Bridle Path, Toronto
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The home at 73 Bridle Path, seen here under construction
1922 North York from York|
1998 Toronto from North York
|• MP||Rob Oliphant (Don Valley West)|
|• MPP||Kathleen Wynne (Don Valley West)|
|• Councillor||Jaye Robinson (Ward 25 Don Valley West)|
The Bridle Path is an upscale residential neighbourhood in North York, Toronto, Ontario, Canada, that is characterized by large multimillion-dollar mansions and two to four acre (8,000 to 16,000 m²) lot sizes. It is often referred to as "Millionaires' Row". It is the most affluent neighbourhood in Canada with an average household income of $936,137, as well as by property values with an average dwelling value of $2.24M.
Although "The Bridle Path" is in fact the name of a road in the area, the term generally applies to the neighbourhood as a whole. It is bounded by The Bridle Path on the north, Sunnybrook Health Sciences Centre on the south, Bayview Avenue on the west and Wilket Creek on the east. Few roads pass through the area, contributing to the area's exclusivity. House prices in the Bridle Path are varied, but they are mostly well in excess of a million dollars. It is a secluded neighbourhood, surrounded by the Don River Valley and lush parklands.
The Bridle Path was little more than farmland until 1929, when the Bayview Bridge was constructed across the steep (West Branch) Don River Valley. It was at that point that the area was first considered for residential development. Forsey Page, a Toronto-based land developer, envisioned the Bridle Path as an "exclusive enclave of estate homes" and he built the neighbourhood's first home, a Cape Cod Colonial style home at 2 The Bridle Path. This house is credited as the catalyst for the development of the neighbourhood.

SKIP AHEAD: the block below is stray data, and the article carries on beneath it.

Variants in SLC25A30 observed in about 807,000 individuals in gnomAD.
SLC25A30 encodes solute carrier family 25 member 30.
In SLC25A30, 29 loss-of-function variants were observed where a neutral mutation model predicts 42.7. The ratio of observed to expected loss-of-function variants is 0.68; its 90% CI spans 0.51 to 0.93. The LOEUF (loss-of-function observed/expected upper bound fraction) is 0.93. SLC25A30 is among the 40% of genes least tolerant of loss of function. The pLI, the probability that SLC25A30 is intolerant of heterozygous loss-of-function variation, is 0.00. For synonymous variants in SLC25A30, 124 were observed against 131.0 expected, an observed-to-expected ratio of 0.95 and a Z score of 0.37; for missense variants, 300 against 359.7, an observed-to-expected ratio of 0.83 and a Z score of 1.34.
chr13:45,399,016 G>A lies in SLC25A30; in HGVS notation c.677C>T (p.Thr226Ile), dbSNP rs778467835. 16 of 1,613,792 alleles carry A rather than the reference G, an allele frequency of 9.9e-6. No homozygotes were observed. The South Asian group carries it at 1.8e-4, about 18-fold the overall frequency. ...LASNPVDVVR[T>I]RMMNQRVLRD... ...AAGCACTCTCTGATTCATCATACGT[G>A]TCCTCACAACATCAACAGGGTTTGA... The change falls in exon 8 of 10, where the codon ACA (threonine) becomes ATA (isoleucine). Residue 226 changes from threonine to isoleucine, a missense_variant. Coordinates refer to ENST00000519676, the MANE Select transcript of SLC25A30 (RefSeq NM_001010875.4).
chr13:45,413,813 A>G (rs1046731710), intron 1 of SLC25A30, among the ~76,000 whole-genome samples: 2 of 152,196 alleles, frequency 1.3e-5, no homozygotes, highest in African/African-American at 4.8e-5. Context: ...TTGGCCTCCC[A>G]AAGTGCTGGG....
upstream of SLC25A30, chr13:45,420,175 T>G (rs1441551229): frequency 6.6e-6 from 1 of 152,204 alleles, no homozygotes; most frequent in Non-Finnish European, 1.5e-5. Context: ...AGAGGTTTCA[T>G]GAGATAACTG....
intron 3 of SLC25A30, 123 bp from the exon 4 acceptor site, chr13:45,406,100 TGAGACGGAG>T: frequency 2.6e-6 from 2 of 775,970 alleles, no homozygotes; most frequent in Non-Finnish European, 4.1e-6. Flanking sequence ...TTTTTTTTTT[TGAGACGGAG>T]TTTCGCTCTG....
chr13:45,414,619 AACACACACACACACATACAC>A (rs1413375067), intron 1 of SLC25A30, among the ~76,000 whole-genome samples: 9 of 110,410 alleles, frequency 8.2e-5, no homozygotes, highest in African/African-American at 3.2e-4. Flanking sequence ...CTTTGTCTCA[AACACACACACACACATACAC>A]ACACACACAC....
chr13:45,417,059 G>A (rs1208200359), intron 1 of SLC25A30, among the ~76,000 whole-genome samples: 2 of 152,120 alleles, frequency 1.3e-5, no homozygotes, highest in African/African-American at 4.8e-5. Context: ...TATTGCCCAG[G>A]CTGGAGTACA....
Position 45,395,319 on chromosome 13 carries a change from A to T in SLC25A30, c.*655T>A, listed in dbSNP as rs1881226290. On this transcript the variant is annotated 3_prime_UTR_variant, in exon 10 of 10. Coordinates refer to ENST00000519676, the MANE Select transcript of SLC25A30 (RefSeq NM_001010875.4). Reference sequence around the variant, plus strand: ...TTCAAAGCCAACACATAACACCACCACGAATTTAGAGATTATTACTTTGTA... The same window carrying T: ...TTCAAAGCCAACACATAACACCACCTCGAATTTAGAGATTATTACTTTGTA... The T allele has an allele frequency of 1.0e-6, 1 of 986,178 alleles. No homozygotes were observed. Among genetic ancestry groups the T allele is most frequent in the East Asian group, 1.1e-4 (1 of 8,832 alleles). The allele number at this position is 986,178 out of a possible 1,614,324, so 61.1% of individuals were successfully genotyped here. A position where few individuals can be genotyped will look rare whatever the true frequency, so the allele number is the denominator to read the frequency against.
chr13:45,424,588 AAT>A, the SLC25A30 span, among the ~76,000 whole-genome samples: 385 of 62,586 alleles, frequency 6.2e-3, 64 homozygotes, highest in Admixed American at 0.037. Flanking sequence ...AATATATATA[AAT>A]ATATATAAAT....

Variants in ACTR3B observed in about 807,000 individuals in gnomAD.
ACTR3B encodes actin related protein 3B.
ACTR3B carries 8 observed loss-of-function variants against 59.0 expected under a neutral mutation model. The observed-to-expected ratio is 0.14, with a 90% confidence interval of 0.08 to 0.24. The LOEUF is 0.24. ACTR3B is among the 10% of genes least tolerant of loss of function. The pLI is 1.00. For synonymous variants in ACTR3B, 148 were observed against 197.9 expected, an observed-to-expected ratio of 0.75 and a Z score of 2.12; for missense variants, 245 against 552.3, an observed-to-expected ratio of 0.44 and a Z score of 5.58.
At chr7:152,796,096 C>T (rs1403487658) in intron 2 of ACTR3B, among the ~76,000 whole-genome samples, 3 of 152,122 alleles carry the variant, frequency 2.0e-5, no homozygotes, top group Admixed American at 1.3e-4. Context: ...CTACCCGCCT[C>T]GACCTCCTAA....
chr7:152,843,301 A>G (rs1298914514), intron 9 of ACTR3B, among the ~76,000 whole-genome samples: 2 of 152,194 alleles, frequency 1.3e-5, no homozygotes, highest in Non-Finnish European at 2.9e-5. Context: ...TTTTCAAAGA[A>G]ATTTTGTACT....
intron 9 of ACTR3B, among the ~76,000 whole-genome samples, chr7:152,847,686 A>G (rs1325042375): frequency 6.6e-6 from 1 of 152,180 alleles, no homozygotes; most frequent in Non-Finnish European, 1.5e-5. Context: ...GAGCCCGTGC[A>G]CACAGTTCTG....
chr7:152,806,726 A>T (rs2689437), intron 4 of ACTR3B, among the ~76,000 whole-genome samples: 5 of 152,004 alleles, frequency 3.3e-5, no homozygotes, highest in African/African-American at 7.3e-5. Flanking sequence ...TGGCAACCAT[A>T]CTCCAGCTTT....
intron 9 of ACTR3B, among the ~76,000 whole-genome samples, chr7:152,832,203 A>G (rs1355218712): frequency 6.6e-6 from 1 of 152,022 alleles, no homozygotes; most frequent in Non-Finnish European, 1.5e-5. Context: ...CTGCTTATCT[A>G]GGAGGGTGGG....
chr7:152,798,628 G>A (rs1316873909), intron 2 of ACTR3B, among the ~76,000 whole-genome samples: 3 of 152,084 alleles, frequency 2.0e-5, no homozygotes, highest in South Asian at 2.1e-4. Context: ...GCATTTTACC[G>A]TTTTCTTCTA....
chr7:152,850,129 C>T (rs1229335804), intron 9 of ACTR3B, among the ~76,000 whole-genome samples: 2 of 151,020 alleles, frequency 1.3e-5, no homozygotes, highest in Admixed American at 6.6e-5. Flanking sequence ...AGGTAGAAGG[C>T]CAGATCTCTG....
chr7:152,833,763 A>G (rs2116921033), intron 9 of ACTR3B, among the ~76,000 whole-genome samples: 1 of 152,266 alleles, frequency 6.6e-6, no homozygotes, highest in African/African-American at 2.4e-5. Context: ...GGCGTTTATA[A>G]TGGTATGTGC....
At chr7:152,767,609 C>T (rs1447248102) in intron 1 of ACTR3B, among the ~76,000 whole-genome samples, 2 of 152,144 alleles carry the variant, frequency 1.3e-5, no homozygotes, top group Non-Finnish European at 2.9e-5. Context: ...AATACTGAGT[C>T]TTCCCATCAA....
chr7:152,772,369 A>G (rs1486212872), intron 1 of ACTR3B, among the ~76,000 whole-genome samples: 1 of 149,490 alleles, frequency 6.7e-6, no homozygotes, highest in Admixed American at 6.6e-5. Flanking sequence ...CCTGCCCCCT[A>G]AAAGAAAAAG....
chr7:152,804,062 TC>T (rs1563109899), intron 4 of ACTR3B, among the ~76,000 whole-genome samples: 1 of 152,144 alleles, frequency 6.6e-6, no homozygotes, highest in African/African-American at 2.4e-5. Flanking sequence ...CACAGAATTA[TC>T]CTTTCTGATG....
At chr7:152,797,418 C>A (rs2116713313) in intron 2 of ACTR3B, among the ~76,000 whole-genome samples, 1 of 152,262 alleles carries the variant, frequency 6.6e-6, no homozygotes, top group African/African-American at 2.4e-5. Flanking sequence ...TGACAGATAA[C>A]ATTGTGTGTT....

In 1937, developer E.P. Taylor, who designed the Don Mills community, purchased a large plot of land north of the Bridle Path. The estate, named Windfields by his wife, is occupied today by the Canadian Film Centre. The park through which Wilket Creek flows behind this parcel of land is known as Windfields Park. In the late forties, Taylor's business partner George Montegu Black, Jr (father of Conrad Black) moved into the area and built a large mansion on Park Lane Circle. In an effort to control who his future neighbours would be, Black took over the company that owned the rolling farmland that was to become the Bridle Path, and set restrictions in place through the North York zoning by-law; only single-family dwellings could be built, and only on minimum lot sizes of 2 acres (0.81 ha). The area was subdivided into about 50 lots, each selling for $25,000 at the time, and through the Fifties it began to take shape.
The street's name is frequently misspelled as "The Bridal Path" by those who are unfamiliar with the history of the area. The actual "Bridle Path" name came about as early plans for the neighbourhood included an elaborate system of equestrian bridle paths, as most of the estate owners in the area preceding its development were horse-owners. While the paths have since been paved over, their legacy remains in the Bridle Path's wide streets and in the name of this elite community.
The Bridle Path has been home to prominent Toronto business people, celebrities, doctors, and engineers. Media mogul Moses Znaimer used to call the Bridle Path home, as did computer businessman Robert Herjavec. Former newspaper baron and convicted felon, businessman Conrad Black was owner of a familial residence until 2016 when he sold the 26 Park Lane Circle, North York for $16.5 million. Prince purchased a home in the Bridle Path for $5.5 million, which he owned for five years. "Casino King of Macau" Stanley Ho owns a High Point Road home purchased in 1987 for a record $5.5 million and currently worth C$27 million.